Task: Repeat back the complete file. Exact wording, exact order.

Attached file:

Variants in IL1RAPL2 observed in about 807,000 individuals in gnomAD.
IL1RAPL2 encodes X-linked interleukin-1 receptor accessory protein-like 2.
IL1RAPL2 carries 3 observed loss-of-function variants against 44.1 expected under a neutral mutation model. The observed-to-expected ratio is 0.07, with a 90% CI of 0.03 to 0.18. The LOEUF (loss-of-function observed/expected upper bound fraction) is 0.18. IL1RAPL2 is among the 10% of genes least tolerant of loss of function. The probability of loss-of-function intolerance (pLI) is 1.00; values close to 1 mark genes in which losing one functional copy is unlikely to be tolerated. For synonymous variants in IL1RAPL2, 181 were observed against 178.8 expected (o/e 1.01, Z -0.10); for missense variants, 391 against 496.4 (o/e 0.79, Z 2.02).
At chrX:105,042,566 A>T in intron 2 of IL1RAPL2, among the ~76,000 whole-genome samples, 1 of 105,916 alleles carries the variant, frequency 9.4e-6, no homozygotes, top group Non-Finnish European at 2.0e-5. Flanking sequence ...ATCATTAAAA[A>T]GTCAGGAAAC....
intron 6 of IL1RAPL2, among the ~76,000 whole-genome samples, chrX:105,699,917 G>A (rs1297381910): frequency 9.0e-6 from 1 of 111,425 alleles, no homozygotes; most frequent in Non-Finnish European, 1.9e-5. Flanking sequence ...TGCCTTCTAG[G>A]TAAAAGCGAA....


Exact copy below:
Variants in IL1RAPL2 observed in about 807,000 individuals in gnomAD.
IL1RAPL2 encodes X-linked interleukin-1 receptor accessory protein-like 2.
IL1RAPL2 carries 3 observed loss-of-function variants against 44.1 expected under a neutral mutation model. The observed-to-expected ratio is 0.07, with a 90% CI of 0.03 to 0.18. The LOEUF (loss-of-function observed/expected upper bound fraction) is 0.18. IL1RAPL2 is among the 10% of genes least tolerant of loss of function. The probability of loss-of-function intolerance (pLI) is 1.00; values close to 1 mark genes in which losing one functional copy is unlikely to be tolerated. For synonymous variants in IL1RAPL2, 181 were observed against 178.8 expected (o/e 1.01, Z -0.10); for missense variants, 391 against 496.4 (o/e 0.79, Z 2.02).
At chrX:105,042,566 A>T in intron 2 of IL1RAPL2, among the ~76,000 whole-genome samples, 1 of 105,916 alleles carries the variant, frequency 9.4e-6, no homozygotes, top group Non-Finnish European at 2.0e-5. Flanking sequence ...ATCATTAAAA[A>T]GTCAGGAAAC....
intron 6 of IL1RAPL2, among the ~76,000 whole-genome samples, chrX:105,699,917 G>A (rs1297381910): frequency 9.0e-6 from 1 of 111,425 alleles, no homozygotes; most frequent in Non-Finnish European, 1.9e-5. Flanking sequence ...TGCCTTCTAG[G>A]TAAAAGCGAA....